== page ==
| Budgeting After College

retirement planning | Savings | college | Short Term Health Insurance | wealth | budget | Budgeting | college graduation | debt


“If you’re a recent college graduate entering the workforce and have student loan debt, this article about budgeting after college is for you!”

You are likely no stranger to the fact that the average monthly student loan payment (for borrowers aged 20 to 30 years) is $351. Having a debt load so early in life can be daunting. But you're not alone!

Case in point: The average class of 2016 graduate has $37,172 in student loan debt. That’s up six percent from last year!

Taking a deeper dive:

  • 66 percent of graduates from public colleges had loans (average debt of $25,550)
  • 75 percent of graduates from private nonprofit colleges had loans (average debt of $32,300)
  • 88 percent of graduates from for-profit colleges had loans (average debt of $39,950)

The road ahead may be lengthy, but if you treat it like a challenge, chances are you will make huge strides as you achieve minor budget ‘wins’ along the way.

To help whip your finances into shape, we have compiled several tips to guide you through some financial basics: budgeting, paying off debt and saving.

If you’re a recent college graduate with no student loan debt – congratulations! You’re among the rare few that get to enter the workforce with a clean slate. This article is still for you because, let’s face it, learning to budget takes time, skill, practice and patience.

young woman looks over her budget


Kudos to you for completing college and landing your first job post-college.

A large portion of your post-academia life will now focus on achieving success in your new career. However, you will want to set aside a segment of time to actively take charge of your ‘financial’ life.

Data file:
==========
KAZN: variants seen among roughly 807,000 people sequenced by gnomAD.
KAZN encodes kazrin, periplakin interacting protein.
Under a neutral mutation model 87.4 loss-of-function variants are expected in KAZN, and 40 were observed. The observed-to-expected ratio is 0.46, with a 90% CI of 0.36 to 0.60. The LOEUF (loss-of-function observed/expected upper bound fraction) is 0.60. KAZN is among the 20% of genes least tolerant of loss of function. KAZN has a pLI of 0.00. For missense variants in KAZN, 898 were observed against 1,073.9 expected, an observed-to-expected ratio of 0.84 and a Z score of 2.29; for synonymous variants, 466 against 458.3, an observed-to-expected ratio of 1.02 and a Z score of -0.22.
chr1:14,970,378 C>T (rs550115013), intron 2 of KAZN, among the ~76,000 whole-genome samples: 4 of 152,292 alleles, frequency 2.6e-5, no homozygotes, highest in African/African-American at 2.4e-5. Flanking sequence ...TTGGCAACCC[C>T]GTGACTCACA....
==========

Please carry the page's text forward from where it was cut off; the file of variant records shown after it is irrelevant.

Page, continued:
This is where the oft-dreaded ‘budget’ comes into play.

Budgeting after college doesn’t have to be difficult. There are many common-sense financial planning practices you can easily implement - some of which you probably already do without realizing it!

And, while personal finance may sound like a heady term, it all comes down to learning what works for you. You'll figure that out with time and practice. What's important right now is that you dive in and get started.

Following these budget musts is a good rule of thumb and a great place to start:

  1. Prioritize debt and outline expenses
  2. Automate your bill payments
  3. Identify long-term savings goals
  4. Create a separate emergency savings fund
  5. Live under your means

Now that you’ve outlined your expenses, let’s find a few tools to help you actively manage your budget.

budget app mint


There are oodles of apps to help you navigate post-grad life while you establish your very own approach to personal finance and budgeting.

According to NerdWallet, the top 10 FREE budgeting apps include:


Available on iOS, Android.

Why it’s unique: It’s a web-based personal finance tool that brings together all of your financial accounts in one place. It connects directly to your financial accounts, including banking, credit card, student loans, car loans and more. You can also see what you owe lenders and create reminders to notify you when bills are due.